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<> =~ m/([\+-][0-9]*)x|([\+-][0-9]*)y/;
print "$1, $2";

Outputs for various inputs are :

3x+1y    ----->, +1
10x-2y   -----> ,  -2
-5x+2y   -----> -5, 
-10x+5y  -----> -10, 

It's basically behaving randomly, sometimes printing out the co-efficient of x, sometimes y. What is going wrong?

share|improve this question
BTW, what about simply using (.*)x(.*)y :) –  Enissay Sep 9 '13 at 11:39
@Enissay, nice Idea but it won't match altogether if there is no x or y term(i.e. co-effiecient is zero). :/ –  udiboy1209 Sep 9 '13 at 15:53
I tougth of that case, but since you didnt mention it, most of the answers I saw here arent considering it... You must add it to you question... edi_allen's solution seems to be working in this case... –  Enissay Sep 9 '13 at 17:26
That's why I was using the | operator in my regex. –  udiboy1209 Sep 10 '13 at 13:01

3 Answers 3

up vote 0 down vote accepted
use strict;
use warnings;
my ($x, $y);

($x, $y) = <> =~ m/([+-]?[0-9]+(?=[xy]))/g; #assuming x is always the first term

print "$x, $y\n";

for more complex expression you can also use this.

use strict;
use warnings;

my (%number); #use a hash to store coeficcient and variables

my $expression = <>;

while ($expression =~ m/([+-]?[0-9]+)([a-z]+)/ig){
    $number{ $2 } += $1;

for my $variable (sort keys %number){
    print "$variable  has coeficcient $number{ $variable }\n";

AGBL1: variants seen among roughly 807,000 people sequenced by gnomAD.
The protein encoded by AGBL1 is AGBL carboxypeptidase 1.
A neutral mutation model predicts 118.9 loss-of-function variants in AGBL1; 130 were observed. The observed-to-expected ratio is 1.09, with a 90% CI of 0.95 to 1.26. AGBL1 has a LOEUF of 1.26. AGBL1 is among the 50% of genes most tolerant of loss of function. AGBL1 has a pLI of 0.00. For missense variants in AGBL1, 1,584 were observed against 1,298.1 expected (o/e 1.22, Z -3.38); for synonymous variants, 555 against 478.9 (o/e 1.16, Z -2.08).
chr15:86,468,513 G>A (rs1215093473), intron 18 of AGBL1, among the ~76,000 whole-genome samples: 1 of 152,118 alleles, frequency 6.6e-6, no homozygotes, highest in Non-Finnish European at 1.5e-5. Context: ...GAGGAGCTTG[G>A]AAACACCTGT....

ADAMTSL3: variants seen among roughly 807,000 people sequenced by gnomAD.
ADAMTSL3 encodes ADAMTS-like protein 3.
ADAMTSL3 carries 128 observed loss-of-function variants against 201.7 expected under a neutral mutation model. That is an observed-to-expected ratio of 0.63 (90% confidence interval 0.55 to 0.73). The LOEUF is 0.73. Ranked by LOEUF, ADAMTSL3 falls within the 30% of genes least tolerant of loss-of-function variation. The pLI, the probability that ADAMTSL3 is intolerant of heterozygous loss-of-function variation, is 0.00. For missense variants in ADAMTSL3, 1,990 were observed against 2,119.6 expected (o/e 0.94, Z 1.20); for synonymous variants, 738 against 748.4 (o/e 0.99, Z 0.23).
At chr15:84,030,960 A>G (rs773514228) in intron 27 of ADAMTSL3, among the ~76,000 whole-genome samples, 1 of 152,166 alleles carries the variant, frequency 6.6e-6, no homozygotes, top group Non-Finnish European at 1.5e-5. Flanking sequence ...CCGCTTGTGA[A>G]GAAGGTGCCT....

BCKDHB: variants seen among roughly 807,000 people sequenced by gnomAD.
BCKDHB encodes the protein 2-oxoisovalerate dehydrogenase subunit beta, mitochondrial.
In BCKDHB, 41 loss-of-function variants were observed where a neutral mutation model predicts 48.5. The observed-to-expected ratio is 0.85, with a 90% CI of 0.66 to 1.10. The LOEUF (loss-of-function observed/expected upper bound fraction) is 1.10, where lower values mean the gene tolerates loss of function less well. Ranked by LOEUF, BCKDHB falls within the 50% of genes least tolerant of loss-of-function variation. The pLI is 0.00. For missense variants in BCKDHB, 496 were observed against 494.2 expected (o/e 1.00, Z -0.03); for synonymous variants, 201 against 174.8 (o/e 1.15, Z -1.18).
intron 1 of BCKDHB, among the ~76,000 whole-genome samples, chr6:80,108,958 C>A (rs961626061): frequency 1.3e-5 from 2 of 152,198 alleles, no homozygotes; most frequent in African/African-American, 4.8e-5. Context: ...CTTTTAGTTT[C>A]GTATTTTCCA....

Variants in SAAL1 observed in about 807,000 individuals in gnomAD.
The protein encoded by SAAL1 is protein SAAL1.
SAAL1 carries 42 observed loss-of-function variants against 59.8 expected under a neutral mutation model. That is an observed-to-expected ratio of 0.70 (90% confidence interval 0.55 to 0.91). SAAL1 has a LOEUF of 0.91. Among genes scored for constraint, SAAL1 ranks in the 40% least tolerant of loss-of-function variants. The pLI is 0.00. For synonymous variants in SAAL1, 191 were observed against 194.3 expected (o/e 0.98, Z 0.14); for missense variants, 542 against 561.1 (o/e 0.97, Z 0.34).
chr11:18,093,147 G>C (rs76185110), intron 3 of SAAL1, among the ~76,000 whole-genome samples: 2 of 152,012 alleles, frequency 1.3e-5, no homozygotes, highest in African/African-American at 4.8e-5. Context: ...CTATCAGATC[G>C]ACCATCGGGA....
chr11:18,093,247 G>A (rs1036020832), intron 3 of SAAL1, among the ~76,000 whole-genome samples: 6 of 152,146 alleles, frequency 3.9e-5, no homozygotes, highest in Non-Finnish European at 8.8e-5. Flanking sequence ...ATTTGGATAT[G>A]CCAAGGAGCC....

share|improve this answer

You have an alternation in your pattern: /(...)x|(...)y/. Therefore, your pattern matches either something like -2x or +5y.

Another error is that you require a sign (+ or -) on the x coordinate. You probably want a regex like:

/^\s* ([+-]?[0-9]+)x ([+-][0-9]+)y \s*$/x
share|improve this answer

I would suggest using lookaheads so that you don't consume characters and get a cleaner match:


Compare your corrected regex (you forgot the ? to indicate optional sign) with my suggested regex.

The captured groups are 'all over the place' in the first regex.

It also allows any order of x and y variables, if you want this as bonus :)

share|improve this answer
what does ?=.*? do? –  udiboy1209 Sep 8 '13 at 19:27
@udiboy (?= ... ) is a positive lookahead and will look 'ahead' (quite literally) for what's inside the brackets. a(?=b) will match an a which is followed by b, thus a in ab will match. If the part inside brackets are not matched, the whole regex will fail to match. Using (?=.* ... ) is a simple way to check characters than can be far ahead, with many characters in between. E.g. a(?=.*z) will match a in az, acz, a bcde z. You can get more info here. Last .*? is a lazy version of .* (it matches as little as possible) –  Jerry Sep 8 '13 at 19:35
@udiboy Do you have any questions on this matter? –  Jerry Sep 8 '13 at 20:37
I'm solving a code golf challenge, so this is too long. I am new to these kinds of regexes so I don't know about performance. But edi_allen's version is shorter than mine and works. –  udiboy1209 Sep 9 '13 at 10:13
@udiboy Shorter doesn't always mean better =P –  Jerry Sep 9 '13 at 10:18

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